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Seeking signs of habitability

Created by NASA.

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  • ohnoes default style avatar for user Cyan Wind
    I wonder if Curiousity has travelled about 1/5 the surface of Mars until now?
    (43 votes)
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    • leaf grey style avatar for user patoof
      No, it hasn't. Curiousity's top speed over flat ground is approximately 0.14km/h, so about 2.3 metres per minute (remember that most of the surface of Mars is rocky and uneven, so the actual speed could be quite a bit lower than that). The diameter of Mars is 6,779km, so it is impossible that it could have travelled 1/5 of the surface of Mars.

      You should also remember that it has to constantly stop to analyse rocks, to take photographs and of course, to wait for instructions from the programmers working on Earth.
      (43 votes)
  • leafers ultimate style avatar for user Rob
    Were the NASA robot designers inspired by the design WALL-E?
    (3 votes)
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  • cacteye yellow style avatar for user Karlar
    Do you think that there was/is life on Mars? I think that it is an interesting idea that life might be on Mars. : )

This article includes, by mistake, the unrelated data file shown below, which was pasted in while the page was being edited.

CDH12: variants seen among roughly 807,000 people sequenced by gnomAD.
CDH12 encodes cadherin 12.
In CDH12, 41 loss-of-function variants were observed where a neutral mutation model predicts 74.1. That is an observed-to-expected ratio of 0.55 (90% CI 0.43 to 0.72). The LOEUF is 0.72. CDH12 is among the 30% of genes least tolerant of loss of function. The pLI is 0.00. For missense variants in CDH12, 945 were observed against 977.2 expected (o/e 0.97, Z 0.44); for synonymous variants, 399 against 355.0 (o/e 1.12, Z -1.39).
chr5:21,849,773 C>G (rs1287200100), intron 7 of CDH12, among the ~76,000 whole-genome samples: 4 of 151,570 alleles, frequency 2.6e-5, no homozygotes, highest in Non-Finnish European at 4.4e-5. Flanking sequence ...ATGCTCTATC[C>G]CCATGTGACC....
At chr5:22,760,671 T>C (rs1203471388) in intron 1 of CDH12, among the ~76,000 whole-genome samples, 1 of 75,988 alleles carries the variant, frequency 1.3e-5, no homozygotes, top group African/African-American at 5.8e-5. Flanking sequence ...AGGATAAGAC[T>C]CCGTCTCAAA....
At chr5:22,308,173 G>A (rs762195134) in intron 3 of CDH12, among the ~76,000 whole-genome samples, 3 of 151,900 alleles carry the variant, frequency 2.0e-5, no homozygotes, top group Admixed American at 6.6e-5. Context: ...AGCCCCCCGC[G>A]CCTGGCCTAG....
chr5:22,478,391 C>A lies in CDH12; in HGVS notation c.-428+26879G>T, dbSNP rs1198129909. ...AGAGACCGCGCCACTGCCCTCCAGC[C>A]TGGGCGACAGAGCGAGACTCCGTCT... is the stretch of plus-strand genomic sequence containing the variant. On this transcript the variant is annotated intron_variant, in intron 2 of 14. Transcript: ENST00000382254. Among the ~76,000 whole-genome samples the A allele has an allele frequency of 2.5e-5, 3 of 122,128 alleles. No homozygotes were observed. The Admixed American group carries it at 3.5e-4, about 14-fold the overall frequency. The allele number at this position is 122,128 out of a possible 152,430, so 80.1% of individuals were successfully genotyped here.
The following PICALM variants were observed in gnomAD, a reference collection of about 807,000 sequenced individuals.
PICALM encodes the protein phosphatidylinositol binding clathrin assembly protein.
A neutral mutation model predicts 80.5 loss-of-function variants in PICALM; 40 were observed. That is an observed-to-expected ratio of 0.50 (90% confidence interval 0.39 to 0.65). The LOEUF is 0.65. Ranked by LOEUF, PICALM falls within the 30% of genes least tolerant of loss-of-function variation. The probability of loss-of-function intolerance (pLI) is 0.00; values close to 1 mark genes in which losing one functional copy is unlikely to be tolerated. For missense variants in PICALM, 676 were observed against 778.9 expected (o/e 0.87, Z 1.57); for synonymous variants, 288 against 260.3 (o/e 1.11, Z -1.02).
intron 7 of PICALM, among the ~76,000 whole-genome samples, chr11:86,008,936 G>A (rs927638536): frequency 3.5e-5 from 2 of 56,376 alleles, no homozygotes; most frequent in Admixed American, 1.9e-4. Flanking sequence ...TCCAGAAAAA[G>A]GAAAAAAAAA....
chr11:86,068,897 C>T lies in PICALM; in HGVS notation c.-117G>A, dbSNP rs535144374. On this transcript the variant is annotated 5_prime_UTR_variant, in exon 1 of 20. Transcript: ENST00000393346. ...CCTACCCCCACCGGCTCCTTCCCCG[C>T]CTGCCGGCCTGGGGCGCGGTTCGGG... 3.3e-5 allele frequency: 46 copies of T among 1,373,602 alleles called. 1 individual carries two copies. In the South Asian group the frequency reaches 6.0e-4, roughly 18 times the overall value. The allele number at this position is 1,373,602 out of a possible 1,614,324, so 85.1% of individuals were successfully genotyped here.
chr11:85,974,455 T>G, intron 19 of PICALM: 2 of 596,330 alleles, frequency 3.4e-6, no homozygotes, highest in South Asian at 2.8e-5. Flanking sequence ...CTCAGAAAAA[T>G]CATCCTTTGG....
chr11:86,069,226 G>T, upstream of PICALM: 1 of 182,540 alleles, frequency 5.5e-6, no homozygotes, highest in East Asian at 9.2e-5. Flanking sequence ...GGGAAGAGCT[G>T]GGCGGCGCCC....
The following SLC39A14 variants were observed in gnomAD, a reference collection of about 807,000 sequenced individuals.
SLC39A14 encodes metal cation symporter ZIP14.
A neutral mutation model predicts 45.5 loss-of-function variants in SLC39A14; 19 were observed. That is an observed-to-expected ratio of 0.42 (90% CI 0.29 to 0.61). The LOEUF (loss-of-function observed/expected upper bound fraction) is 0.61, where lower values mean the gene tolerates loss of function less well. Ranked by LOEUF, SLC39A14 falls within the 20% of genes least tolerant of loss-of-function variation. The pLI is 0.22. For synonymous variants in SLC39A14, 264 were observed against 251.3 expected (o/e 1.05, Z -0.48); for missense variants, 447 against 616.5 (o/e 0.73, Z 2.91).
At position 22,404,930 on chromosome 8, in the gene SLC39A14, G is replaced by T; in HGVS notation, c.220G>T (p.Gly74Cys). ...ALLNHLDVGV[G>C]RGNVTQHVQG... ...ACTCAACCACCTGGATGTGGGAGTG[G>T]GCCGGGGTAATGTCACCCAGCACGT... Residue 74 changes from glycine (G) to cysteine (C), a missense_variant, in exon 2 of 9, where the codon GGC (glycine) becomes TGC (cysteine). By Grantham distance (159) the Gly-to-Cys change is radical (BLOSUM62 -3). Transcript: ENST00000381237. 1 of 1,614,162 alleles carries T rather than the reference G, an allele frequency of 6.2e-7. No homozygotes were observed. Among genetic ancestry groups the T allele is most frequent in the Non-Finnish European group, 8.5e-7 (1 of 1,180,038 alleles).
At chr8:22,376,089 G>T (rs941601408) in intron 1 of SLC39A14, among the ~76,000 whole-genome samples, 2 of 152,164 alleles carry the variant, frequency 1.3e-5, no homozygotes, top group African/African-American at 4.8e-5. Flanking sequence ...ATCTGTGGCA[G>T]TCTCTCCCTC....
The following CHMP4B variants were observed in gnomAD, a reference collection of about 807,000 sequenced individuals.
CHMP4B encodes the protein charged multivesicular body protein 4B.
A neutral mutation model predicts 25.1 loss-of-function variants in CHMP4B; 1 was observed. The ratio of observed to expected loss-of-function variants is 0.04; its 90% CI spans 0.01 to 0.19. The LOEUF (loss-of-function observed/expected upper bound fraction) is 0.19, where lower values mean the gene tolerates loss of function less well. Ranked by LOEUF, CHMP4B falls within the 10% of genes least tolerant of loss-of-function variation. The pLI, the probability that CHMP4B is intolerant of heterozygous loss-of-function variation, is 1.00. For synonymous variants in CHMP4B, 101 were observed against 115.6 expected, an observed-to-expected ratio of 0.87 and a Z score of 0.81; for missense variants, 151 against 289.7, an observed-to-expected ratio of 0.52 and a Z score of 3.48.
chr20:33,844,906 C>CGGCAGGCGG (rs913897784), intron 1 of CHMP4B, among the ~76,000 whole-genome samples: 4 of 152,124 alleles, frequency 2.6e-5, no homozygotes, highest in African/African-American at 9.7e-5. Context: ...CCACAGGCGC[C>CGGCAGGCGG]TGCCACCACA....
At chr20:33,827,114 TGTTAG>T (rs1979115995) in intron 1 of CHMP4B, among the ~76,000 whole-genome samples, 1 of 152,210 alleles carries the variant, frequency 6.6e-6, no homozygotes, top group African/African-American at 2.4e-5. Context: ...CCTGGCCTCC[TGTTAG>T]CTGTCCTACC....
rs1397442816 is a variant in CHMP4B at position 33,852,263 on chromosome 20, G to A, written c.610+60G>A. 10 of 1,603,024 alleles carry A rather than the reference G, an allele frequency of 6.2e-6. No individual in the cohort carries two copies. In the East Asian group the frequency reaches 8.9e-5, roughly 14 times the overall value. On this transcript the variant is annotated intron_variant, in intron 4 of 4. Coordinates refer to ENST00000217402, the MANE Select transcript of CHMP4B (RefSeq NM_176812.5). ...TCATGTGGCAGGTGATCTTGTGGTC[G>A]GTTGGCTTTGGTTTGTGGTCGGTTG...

(8 votes)
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  • sneak peak green style avatar for user Cybernetic Organism
    If life was present on Mars millions of years ago, what proof do we need? What would be the signs of life? Are scientists looking for any particular molecules?
    (5 votes)
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    • male robot hal style avatar for user r2b3ac
      They are searching for three things. The first 2 Are the ingredients of Water, H2O. Hydrogen and Oxygen in other words. They are looking for this because life as we know and think of it revolves around water. Thay are also looking for Carbon. All living matter is carbon based. Though I have heard through my Chem Professor that some places are looking for other ways to get life other than a Carbon base. anyways those are the molecules that scientists are looking for.
      Signs of life is a little bit more difficult. My best guess is that they are looking for Water Erosion. While not inherently a sigh of life, it does allow for possibilities of life.
      Finaly we don't know if microbial organisms exist or ever existed on Mars. The only proof that we could find one way or another is either through micorscopes, and that assumes that there is life on Mars, and fossils, fossils which would likely be found from the many volcanoes on Mars, but even then you would still need microscopes to prove that they existed.
      (5 votes)
  • duskpin ultimate style avatar for user 是人杰 Ross.Shi
    Why doesn't curiosity have solar panels on it's body? What energy does it rely on when traveling? If the power one day runs out, will NASA just leave it on the surface of mars as space junk? Or the rover could survive with it's energy source it recently has for long enough and our technology increases and from then on we will be able to send special probes or rovers to refuel it on it's power so that it could go on for more and not run out of power?
    (5 votes)
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  • male robot donald style avatar for user Gimli9
    when did curiosity launch?
    (4 votes)